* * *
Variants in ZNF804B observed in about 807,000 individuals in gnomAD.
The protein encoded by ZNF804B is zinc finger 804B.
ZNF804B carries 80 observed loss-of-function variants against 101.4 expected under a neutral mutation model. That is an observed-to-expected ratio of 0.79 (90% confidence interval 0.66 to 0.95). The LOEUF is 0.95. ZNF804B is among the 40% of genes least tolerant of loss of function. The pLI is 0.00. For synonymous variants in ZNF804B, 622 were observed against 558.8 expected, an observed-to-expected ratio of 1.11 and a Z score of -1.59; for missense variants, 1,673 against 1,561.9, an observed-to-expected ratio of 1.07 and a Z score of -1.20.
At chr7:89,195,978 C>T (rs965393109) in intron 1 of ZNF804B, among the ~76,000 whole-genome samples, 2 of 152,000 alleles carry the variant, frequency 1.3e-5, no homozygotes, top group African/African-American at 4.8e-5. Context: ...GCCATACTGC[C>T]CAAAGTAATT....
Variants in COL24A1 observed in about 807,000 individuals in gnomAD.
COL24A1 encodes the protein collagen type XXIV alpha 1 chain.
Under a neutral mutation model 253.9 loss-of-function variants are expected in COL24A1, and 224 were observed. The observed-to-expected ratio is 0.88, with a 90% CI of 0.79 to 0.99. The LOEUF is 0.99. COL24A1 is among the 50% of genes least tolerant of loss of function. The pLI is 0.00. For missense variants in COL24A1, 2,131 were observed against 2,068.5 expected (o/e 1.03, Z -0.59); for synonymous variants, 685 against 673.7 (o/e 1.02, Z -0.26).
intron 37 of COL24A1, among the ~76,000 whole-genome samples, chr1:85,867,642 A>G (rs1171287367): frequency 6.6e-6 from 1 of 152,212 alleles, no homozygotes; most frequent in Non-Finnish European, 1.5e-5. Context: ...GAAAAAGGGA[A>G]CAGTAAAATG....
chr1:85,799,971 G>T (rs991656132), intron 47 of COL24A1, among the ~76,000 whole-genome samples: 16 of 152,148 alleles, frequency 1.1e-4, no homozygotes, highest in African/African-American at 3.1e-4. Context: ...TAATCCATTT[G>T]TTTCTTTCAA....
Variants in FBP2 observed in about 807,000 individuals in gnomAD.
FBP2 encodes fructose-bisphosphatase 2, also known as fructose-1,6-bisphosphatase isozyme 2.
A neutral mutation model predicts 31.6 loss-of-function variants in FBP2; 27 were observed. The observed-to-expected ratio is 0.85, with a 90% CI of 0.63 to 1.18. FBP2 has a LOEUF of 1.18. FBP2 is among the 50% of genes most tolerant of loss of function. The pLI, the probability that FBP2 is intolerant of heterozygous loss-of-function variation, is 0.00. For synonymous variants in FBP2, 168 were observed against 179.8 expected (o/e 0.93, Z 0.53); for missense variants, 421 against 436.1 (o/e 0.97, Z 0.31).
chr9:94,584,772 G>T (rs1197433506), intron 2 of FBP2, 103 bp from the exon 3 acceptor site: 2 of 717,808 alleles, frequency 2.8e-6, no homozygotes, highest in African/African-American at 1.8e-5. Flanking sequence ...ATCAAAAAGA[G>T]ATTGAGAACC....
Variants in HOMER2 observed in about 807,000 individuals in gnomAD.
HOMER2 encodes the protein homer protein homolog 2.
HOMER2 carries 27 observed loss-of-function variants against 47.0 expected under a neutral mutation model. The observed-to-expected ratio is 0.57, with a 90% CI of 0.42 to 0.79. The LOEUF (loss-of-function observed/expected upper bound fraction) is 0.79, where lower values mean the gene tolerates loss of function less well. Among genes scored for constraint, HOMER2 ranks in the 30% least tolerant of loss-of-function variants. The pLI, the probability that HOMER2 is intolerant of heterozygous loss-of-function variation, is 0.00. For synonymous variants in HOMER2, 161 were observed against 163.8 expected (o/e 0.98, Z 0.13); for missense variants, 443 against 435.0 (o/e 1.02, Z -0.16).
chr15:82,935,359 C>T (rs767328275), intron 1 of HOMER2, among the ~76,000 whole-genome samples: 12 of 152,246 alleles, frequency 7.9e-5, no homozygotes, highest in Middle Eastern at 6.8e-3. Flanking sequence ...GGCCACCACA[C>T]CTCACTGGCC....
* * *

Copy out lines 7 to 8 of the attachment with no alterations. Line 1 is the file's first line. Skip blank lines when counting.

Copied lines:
Under a neutral mutation model 253.9 loss-of-function variants are expected in COL24A1, and 224 were observed. The observed-to-expected ratio is 0.88, with a 90% CI of 0.79 to 0.99. The LOEUF is 0.99. COL24A1 is among the 50% of genes least tolerant of loss of function. The pLI is 0.00. For missense variants in COL24A1, 2,131 were observed against 2,068.5 expected (o/e 1.03, Z -0.59); for synonymous variants, 685 against 673.7 (o/e 1.02, Z -0.26).
intron 37 of COL24A1, among the ~76,000 whole-genome samples, chr1:85,867,642 A>G (rs1171287367): frequency 6.6e-6 from 1 of 152,212 alleles, no homozygotes; most frequent in Non-Finnish European, 1.5e-5. Context: ...GAAAAAGGGA[A>G]CAGTAAAATG....